It’s quite surreal, first time in the chemo suite…
For years up to that point, I’d only poked my head in to say hello to the medical staff I already knew—never wanting to invade the privacy of the other patients—never daring to cross the threshold into that sacred space—never feeling worthy enough to set foot on such hallowed ground.
Yet here I was—worthy now, I hoped—ready or not for my first infusion.
I’ll spare you my multimedia description of the chemo suite. Suffice it to say that it’s pretty much exactly as you imagine it.
But there are many things I do feel compelled to share… because it wasn’t until I took my seat in one of those enormous “easy” chairs that I realized there were so many things to learn–some trivial, some not…
For one, you need to learn about the infusion itself…
- The interview questions you’ll be asked before each infusion and why they matter.
- What the poke will feel like. (By the way, no big deal).
- How long it would take (longer than expected)
- The saline flush before and after… and the weird taste that comes with it.
- The heparin push to prevent blood clots in the port and catheter.
- Falling asleep for the first part because an antihistamine (Benadryl) infusion is standard practice in order to prevent an allergic reaction to the chemo.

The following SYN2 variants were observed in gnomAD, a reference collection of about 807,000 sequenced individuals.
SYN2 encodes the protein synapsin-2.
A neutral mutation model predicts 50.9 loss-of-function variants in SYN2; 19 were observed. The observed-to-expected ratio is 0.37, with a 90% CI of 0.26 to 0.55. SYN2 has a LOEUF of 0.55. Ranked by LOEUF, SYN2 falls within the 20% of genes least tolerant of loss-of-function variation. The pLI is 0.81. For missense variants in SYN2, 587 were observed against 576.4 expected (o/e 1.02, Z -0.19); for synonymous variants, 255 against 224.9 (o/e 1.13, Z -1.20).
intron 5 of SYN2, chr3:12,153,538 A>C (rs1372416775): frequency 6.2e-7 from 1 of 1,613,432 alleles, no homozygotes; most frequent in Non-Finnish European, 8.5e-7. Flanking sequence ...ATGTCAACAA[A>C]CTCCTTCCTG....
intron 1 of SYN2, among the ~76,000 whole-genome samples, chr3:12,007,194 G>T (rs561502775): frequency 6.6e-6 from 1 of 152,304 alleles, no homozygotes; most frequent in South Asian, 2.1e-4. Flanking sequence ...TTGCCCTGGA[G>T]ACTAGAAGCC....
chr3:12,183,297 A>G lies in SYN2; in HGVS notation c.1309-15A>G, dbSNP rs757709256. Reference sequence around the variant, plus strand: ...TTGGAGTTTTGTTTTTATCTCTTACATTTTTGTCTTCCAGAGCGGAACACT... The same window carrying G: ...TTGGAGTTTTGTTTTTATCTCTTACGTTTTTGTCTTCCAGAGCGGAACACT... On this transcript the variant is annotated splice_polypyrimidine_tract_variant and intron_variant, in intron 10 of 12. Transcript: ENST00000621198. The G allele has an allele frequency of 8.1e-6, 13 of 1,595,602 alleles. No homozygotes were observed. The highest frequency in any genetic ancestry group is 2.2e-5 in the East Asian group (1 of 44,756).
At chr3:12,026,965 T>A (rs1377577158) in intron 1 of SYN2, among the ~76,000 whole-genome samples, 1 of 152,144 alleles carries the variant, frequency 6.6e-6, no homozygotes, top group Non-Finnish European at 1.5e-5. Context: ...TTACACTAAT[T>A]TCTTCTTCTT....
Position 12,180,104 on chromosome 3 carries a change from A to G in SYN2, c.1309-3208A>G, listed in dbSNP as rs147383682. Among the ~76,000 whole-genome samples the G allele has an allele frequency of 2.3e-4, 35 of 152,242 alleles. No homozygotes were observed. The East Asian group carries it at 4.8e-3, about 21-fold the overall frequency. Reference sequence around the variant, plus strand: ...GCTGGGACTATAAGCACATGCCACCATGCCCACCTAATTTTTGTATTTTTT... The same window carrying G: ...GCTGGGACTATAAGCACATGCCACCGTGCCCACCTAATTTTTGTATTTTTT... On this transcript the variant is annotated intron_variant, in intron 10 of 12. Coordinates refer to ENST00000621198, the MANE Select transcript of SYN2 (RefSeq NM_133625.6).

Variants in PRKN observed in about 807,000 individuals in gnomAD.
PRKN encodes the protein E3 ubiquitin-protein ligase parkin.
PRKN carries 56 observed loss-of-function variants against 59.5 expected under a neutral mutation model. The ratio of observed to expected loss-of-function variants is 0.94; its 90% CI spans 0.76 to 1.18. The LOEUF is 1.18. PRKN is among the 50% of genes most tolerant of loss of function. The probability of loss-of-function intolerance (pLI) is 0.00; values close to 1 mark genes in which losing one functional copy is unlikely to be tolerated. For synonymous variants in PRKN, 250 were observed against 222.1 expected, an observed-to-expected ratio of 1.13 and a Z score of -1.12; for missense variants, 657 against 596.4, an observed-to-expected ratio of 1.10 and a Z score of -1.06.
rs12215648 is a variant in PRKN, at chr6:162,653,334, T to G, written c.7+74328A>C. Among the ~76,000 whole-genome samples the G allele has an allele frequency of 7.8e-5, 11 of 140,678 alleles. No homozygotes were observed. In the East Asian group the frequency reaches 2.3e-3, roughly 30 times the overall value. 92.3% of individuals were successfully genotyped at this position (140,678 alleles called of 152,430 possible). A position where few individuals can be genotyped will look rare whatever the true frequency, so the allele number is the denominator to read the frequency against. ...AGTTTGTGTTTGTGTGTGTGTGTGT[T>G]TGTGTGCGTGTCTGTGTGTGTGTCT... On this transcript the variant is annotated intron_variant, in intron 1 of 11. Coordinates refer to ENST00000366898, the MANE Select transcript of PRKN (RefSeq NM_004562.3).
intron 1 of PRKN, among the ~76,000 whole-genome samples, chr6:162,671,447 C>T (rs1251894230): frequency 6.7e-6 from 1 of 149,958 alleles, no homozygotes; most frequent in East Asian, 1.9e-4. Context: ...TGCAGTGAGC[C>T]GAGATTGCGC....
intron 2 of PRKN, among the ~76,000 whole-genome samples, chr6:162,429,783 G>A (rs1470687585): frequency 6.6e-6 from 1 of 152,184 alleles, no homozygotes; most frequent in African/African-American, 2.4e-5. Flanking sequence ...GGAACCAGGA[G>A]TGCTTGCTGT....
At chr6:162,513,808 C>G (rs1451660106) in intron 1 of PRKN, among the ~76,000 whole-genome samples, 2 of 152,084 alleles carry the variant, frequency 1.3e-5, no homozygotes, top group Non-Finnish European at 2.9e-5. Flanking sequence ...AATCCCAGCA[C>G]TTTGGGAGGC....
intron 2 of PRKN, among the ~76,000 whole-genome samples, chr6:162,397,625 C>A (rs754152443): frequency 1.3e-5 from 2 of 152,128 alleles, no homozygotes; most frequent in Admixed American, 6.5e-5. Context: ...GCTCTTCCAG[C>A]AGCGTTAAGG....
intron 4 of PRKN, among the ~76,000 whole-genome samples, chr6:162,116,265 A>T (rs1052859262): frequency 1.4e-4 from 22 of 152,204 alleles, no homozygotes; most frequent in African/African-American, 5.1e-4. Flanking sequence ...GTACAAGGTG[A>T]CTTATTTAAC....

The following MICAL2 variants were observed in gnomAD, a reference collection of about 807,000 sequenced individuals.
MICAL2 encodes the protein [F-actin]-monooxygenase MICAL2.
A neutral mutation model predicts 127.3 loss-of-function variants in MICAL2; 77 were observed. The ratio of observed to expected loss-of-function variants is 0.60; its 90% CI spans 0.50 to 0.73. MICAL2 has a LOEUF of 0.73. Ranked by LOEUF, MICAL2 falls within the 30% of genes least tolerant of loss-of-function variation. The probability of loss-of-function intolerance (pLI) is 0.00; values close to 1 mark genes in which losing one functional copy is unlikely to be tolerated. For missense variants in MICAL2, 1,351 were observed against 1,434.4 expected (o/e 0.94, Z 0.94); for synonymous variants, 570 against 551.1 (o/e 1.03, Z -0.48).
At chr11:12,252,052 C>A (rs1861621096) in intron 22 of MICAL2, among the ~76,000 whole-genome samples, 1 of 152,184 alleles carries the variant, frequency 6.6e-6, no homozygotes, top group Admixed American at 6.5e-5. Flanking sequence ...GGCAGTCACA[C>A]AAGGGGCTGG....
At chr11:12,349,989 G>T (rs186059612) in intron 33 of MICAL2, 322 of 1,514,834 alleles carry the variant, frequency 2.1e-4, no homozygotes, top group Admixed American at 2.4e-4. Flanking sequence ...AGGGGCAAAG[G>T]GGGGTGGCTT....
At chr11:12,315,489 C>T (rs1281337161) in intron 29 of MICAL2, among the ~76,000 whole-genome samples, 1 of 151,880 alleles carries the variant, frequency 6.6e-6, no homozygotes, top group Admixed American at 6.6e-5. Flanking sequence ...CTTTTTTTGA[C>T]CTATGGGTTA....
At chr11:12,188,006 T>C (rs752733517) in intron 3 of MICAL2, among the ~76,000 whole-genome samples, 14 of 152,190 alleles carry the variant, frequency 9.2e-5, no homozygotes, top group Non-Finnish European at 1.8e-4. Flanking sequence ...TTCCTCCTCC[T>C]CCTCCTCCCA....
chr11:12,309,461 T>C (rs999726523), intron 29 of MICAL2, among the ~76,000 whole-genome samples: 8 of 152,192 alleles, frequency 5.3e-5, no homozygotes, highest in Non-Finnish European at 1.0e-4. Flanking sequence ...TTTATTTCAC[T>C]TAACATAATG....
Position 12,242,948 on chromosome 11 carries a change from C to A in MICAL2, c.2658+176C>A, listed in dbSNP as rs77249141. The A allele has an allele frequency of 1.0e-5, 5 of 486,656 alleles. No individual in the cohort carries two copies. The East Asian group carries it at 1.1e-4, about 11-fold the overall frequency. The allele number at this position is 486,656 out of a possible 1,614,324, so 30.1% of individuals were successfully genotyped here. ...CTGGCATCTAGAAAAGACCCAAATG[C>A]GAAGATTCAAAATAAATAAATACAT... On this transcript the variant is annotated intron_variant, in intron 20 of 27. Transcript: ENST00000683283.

- The need to ice your hands and feet to minimize peripheral neuropathy (Don’t ignore this part).
- How the Neulasta OnPro Injector is installed and operated… and what it feels like.
For two, there’s the routine housekeeping stuff…
- Where’s the toilet?
- Where are the drinks and snacks?
- Is it okay to help yourself?
- Are you free to get up and wheel yourself around?
For three, all the stuff you need to know and do when you get back home…
- The extra tests you’re now responsible for scheduling and preparing for.
- When the Neulasta OnPro Injector will fire and how to dispose of it properly after it’s done pumping the next day.
- What symptoms to be on the lookout for. And what to do and who to call if there’s a problem. (I learned that there’s such a person as a triage nurse).
- When you might expect the onset of the nasty side effects that are pretty much guaranteed to occur.
And finally, the ongoing human interaction stuff…
- Getting to know the pharmacists, medical assistants, and nurses. And them getting to know you.
- Meeting the other patients (or not) and learning how to respect each other’s boundaries.
- What you are free to do on your own and what requires assistance or permission.
- Knowing when to ask for help.
- Learning to ask for help.
- Learning that it’s ok—and appreciated—when you’re a good helper, too.
- Knowing when it’s time to be serious, but also when it’s time to have some fun. Having fun. Yes, seriously, having fun! (not being facetious in the least)